/// Posted byAviva Sapers & Peter Stoner
Whether your 65th birthday is fast approaching or decades away, it pays to understand the basics of how Medicare works and what it does and does not cover—and then plan accordingly for any additional coverage that you may need in retirement.
Enrolling in Medicare can be more complicated and frustrating than many might expect, and the rules and regulations are changing.
Parts A & B (Original Medicare): Applying for Medicare A/B is handled through Social Security and can be administered on-line rather than going to a Social Security office. An on-line Social Security account will require setting up a username and password and may require the answering of “security questions” based on credit bureau information—some of which can be very specific and based on older data they have on record. Unfortunately, this can sometimes result in failed attempts and needing to go to a Social Security office to complete the enrollment process.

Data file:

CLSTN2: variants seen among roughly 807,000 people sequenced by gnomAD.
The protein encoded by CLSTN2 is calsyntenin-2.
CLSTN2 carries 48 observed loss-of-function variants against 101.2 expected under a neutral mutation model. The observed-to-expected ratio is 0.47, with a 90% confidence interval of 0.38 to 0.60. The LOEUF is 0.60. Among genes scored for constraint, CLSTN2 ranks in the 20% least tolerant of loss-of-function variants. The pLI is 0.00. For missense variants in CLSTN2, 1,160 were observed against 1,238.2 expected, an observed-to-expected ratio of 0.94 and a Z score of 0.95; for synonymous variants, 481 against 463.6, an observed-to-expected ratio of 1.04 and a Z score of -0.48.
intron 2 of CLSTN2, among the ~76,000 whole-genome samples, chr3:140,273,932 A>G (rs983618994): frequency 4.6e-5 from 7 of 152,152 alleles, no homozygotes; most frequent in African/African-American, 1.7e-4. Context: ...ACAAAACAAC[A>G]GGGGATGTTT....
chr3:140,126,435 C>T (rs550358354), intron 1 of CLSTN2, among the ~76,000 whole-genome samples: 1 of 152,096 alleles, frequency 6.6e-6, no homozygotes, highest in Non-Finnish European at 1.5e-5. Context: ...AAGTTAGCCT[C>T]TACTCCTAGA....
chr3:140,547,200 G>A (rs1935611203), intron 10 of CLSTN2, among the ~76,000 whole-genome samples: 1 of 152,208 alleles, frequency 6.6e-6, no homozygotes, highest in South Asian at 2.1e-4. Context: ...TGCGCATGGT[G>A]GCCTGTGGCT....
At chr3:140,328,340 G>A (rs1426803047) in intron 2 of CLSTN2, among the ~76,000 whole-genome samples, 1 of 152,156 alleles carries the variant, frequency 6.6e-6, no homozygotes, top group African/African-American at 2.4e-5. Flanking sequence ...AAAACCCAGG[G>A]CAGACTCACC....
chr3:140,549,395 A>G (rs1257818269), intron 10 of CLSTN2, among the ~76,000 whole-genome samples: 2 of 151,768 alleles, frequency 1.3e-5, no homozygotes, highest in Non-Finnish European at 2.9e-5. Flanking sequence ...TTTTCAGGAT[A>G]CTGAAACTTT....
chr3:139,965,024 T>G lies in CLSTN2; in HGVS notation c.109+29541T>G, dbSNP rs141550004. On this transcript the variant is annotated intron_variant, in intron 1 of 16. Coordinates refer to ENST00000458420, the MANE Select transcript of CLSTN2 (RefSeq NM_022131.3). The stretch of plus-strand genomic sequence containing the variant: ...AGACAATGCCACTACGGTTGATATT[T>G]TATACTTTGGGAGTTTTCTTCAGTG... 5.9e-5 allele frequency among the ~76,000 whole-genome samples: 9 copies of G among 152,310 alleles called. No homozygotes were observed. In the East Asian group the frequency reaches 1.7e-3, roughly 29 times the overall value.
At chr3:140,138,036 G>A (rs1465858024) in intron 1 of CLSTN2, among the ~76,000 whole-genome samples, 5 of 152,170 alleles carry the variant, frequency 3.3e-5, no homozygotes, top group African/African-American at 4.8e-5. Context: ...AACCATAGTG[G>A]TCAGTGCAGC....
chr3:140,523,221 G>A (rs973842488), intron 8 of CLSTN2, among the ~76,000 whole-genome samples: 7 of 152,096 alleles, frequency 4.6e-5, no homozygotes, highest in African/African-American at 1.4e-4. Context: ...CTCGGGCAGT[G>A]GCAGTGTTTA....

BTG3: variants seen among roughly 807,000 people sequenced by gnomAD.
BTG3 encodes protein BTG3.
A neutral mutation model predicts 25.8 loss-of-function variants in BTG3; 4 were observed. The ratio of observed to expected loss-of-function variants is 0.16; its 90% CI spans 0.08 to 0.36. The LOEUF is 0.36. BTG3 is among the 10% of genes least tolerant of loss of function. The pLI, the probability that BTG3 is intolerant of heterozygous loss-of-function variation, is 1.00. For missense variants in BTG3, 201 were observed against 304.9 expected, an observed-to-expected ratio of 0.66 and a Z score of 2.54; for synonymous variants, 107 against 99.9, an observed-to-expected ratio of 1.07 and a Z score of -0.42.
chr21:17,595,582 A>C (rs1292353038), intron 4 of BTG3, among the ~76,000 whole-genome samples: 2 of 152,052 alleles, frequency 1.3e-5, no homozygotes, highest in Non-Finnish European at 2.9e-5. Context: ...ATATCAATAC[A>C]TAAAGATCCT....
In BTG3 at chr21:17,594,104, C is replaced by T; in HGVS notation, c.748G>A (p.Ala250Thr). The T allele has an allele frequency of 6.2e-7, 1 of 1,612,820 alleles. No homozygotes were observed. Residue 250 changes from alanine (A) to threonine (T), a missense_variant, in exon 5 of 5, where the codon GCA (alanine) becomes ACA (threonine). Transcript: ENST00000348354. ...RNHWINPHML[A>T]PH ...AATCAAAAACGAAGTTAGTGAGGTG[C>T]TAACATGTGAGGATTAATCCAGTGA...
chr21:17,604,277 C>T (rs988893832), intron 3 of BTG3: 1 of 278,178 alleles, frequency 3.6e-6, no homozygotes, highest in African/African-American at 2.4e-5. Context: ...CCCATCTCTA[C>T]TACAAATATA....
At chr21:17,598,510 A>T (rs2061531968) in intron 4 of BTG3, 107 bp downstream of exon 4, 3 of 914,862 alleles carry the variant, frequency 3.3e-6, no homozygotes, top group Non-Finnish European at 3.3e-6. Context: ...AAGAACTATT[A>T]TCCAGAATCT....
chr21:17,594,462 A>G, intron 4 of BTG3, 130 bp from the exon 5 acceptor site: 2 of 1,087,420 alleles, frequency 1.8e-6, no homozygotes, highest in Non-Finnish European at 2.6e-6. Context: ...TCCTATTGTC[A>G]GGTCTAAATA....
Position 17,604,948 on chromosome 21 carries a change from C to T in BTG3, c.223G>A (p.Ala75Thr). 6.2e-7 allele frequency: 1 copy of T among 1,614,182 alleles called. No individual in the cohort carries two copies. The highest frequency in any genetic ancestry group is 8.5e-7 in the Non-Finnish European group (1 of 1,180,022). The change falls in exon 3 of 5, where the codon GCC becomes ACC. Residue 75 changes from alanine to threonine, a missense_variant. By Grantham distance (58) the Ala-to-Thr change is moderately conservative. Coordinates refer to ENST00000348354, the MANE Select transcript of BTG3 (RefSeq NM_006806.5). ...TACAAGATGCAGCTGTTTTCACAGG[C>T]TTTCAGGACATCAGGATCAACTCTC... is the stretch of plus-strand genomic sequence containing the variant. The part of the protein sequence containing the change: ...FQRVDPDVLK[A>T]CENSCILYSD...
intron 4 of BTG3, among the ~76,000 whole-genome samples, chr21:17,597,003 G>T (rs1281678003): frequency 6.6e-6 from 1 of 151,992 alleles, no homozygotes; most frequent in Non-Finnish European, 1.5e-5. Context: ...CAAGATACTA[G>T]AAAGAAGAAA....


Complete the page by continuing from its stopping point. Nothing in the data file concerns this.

Medicare Part A is used for hospital insurance and covers inpatient stays at medical facilities, as well as costs of hospice care, home health care, and nursing homes (which are limited). If you will be spending the remainder of your life in a nursing home, Medicare will not cover it. Part A has a per “benefit period” deductible of $1420 in 2020. A new benefit period begins after a beneficiary has been released from the hospital for at least 60 days, meaning the deductible can be incurred multiple times throughout a year.
Part A has a $0 premium for most people, but will only pay for a maximum of 100 days of nursing home care (after certain conditions are met). After 20 days of full coverage, a significant daily co-pay is required for days 21-100 at skilled nursing facilities.
Medicare Part B provides medical insurance to help cover the costs of physical therapy, physician visits, durable medical equipment costs, and other medical services, such as lab tests, and screenings.
Part B requires a monthly premium based on income level, along with an annual deductible of $197 in 2020. It also requires a co-pay of 20% of costs.